The Federal Aviation Administration’s requirement that hobby drone users register their devices was struck down in an appeals court Friday.
The U.S. Court of Appeals for the District of Columbia Circuit ruled in favor of John Taylor, a drone hobbyist who had challenged the legality of the FAA’s drone-registration program.
The program, which was instituted in December 2015, required hobby drone owners to register through an FAA website for a $5 fee. Drone hobbyists were then issued a unique identification, which they were required to mark on their drones. Within the first month, nearly 300,000 drone owners had registered.
The court struck down the FAA’s registration rule, referencing the 2012 FAA Modernization and Reform Act, which was passed by Congress and signed by President Barack Obama. That rule stated that the FAA “may not promulgate any rule or regulation regarding a model aircraft.”
“The case is a victory for model aircraft enthusiasts and those who oppose government overregulation of hobby flying,” said aviation attorney Loretta Alkalay. “Congress prohibited any rule regarding model aircraft and the Court of Appeals today ruled that the FAA’s registration rule was expressly prohibited.”
But not all in the drone community are happy about the news.
The decision applies to hobby users, but does not apply to commercial drone users who have to follow a separate set of standards which includes passing a test to get a license in order to fly.
“We are carefully reviewing the U.S. Court of Appeals decision as it relates to drone registrations,” according to a prepared statement from the FAA. “The FAA put registration and operational regulations in place to ensure that drones are operated in a way that is safe and does not pose security and privacy threats. We are in the process of considering our options and response to the decision.”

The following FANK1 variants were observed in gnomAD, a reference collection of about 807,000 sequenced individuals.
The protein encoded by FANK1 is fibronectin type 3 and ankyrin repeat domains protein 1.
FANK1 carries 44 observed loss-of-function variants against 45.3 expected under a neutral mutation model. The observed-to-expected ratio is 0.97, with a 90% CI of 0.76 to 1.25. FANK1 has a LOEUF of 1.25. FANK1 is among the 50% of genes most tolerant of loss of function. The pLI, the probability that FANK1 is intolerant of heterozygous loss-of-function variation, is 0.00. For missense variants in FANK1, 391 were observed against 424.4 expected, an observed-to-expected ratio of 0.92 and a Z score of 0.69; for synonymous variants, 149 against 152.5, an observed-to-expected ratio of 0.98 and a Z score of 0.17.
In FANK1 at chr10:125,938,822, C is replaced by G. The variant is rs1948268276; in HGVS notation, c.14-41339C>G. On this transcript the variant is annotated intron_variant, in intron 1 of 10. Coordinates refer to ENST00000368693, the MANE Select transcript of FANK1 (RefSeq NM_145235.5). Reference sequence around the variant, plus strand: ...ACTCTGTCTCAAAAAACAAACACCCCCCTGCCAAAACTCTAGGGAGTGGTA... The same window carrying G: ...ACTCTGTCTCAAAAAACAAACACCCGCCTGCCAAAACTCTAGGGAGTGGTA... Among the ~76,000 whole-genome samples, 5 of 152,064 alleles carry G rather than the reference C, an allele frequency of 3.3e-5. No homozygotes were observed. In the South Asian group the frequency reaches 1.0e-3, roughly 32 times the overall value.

Many drone users had accepted that the drone-registration process was a means of educating users about safety. Some drone users suspect that it was in reaction to events such as a drone crash near the White House in January 2015, though the drone operator in that crash voluntarily came forward.
“They want to be able to identify the drone operator if there’s an accident or bad use of the drone,” said Colin Snow, founder of drone research firm Skylogic Research. “But who is going to register their drone and then commit a nefarious act?”
Drones have been spotted flying too close to airports as airplanes take off or over fires where crews need to clear the area. An 18-month-old boy’s eye was cut after he was hit in the head by a crashing drone.
And though registration may have educated drone users to avoid those types of circumstances, many felt it wasn’t enough.
“The entire registration process took an average of 7 minutes,” John Taylor said in an interview with MarketWatch last week. “The FAA used that to show it wasn’t very burdensome, but how much education can really go on in 7 minutes? It’s all bogus.”
Taylor said that there should be some type of regulation around drone use, but requiring hobbyists to register is not the solution.
“There needs to be enforcement and education,” he said. “Perhaps drone manufacturers should make you take a test before you are able to unlock their app in order to fly the drone.”
“As of today, no American has been seriously injured by hobby drones,” Taylor said. “They may get cuts or bruises, but look at ATVs and watercraft, where dozens are killed every year. It’s all a reaction to new technology. People are afraid of drones because they’re something new. I just don’t see that the risk justifies the action that has been taken over the last 100 years around model aircraft.”